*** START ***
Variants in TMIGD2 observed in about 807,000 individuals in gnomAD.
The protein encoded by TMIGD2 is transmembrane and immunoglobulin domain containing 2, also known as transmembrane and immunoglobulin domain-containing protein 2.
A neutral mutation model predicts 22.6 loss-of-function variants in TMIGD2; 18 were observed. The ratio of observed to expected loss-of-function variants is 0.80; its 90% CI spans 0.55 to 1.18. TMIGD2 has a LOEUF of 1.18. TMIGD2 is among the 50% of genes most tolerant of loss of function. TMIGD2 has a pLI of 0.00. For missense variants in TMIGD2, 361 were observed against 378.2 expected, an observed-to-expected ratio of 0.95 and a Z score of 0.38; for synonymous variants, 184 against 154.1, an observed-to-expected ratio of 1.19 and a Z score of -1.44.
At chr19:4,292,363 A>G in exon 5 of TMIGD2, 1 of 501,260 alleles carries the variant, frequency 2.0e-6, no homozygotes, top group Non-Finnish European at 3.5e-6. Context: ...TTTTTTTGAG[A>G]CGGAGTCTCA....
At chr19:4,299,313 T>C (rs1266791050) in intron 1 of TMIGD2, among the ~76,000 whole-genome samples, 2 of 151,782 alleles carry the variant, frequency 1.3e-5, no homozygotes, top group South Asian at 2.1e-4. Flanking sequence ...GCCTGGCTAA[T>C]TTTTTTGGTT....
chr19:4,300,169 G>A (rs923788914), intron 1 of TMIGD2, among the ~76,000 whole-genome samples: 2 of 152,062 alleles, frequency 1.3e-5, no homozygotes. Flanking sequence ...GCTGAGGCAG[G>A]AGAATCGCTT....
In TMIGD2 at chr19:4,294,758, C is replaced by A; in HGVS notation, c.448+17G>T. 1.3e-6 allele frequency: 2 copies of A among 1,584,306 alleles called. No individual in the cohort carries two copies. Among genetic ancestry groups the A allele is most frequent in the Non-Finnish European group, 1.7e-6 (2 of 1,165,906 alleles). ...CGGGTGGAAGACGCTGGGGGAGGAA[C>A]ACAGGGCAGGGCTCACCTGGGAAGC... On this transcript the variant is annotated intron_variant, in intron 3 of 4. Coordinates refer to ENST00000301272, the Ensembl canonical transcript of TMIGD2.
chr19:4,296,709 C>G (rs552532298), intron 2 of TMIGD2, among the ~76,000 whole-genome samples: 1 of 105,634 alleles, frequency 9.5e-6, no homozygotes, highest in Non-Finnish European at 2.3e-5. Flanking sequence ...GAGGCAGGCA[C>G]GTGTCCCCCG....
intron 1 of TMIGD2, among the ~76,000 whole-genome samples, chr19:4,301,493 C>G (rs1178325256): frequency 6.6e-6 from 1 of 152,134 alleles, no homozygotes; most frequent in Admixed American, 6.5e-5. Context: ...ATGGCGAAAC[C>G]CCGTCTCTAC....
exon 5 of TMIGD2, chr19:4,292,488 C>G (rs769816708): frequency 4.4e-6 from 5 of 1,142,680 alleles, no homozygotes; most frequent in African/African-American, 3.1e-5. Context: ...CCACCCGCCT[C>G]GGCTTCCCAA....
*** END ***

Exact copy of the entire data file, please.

Variants in TMIGD2 observed in about 807,000 individuals in gnomAD.
The protein encoded by TMIGD2 is transmembrane and immunoglobulin domain containing 2, also known as transmembrane and immunoglobulin domain-containing protein 2.
A neutral mutation model predicts 22.6 loss-of-function variants in TMIGD2; 18 were observed. The ratio of observed to expected loss-of-function variants is 0.80; its 90% CI spans 0.55 to 1.18. TMIGD2 has a LOEUF of 1.18. TMIGD2 is among the 50% of genes most tolerant of loss of function. TMIGD2 has a pLI of 0.00. For missense variants in TMIGD2, 361 were observed against 378.2 expected, an observed-to-expected ratio of 0.95 and a Z score of 0.38; for synonymous variants, 184 against 154.1, an observed-to-expected ratio of 1.19 and a Z score of -1.44.
At chr19:4,292,363 A>G in exon 5 of TMIGD2, 1 of 501,260 alleles carries the variant, frequency 2.0e-6, no homozygotes, top group Non-Finnish European at 3.5e-6. Context: ...TTTTTTTGAG[A>G]CGGAGTCTCA....
At chr19:4,299,313 T>C (rs1266791050) in intron 1 of TMIGD2, among the ~76,000 whole-genome samples, 2 of 151,782 alleles carry the variant, frequency 1.3e-5, no homozygotes, top group South Asian at 2.1e-4. Flanking sequence ...GCCTGGCTAA[T>C]TTTTTTGGTT....
chr19:4,300,169 G>A (rs923788914), intron 1 of TMIGD2, among the ~76,000 whole-genome samples: 2 of 152,062 alleles, frequency 1.3e-5, no homozygotes. Flanking sequence ...GCTGAGGCAG[G>A]AGAATCGCTT....
In TMIGD2 at chr19:4,294,758, C is replaced by A; in HGVS notation, c.448+17G>T. 1.3e-6 allele frequency: 2 copies of A among 1,584,306 alleles called. No individual in the cohort carries two copies. Among genetic ancestry groups the A allele is most frequent in the Non-Finnish European group, 1.7e-6 (2 of 1,165,906 alleles). ...CGGGTGGAAGACGCTGGGGGAGGAA[C>A]ACAGGGCAGGGCTCACCTGGGAAGC... On this transcript the variant is annotated intron_variant, in intron 3 of 4. Coordinates refer to ENST00000301272, the Ensembl canonical transcript of TMIGD2.
chr19:4,296,709 C>G (rs552532298), intron 2 of TMIGD2, among the ~76,000 whole-genome samples: 1 of 105,634 alleles, frequency 9.5e-6, no homozygotes, highest in Non-Finnish European at 2.3e-5. Flanking sequence ...GAGGCAGGCA[C>G]GTGTCCCCCG....
intron 1 of TMIGD2, among the ~76,000 whole-genome samples, chr19:4,301,493 C>G (rs1178325256): frequency 6.6e-6 from 1 of 152,134 alleles, no homozygotes; most frequent in Admixed American, 6.5e-5. Context: ...ATGGCGAAAC[C>G]CCGTCTCTAC....
exon 5 of TMIGD2, chr19:4,292,488 C>G (rs769816708): frequency 4.4e-6 from 5 of 1,142,680 alleles, no homozygotes; most frequent in African/African-American, 3.1e-5. Context: ...CCACCCGCCT[C>G]GGCTTCCCAA....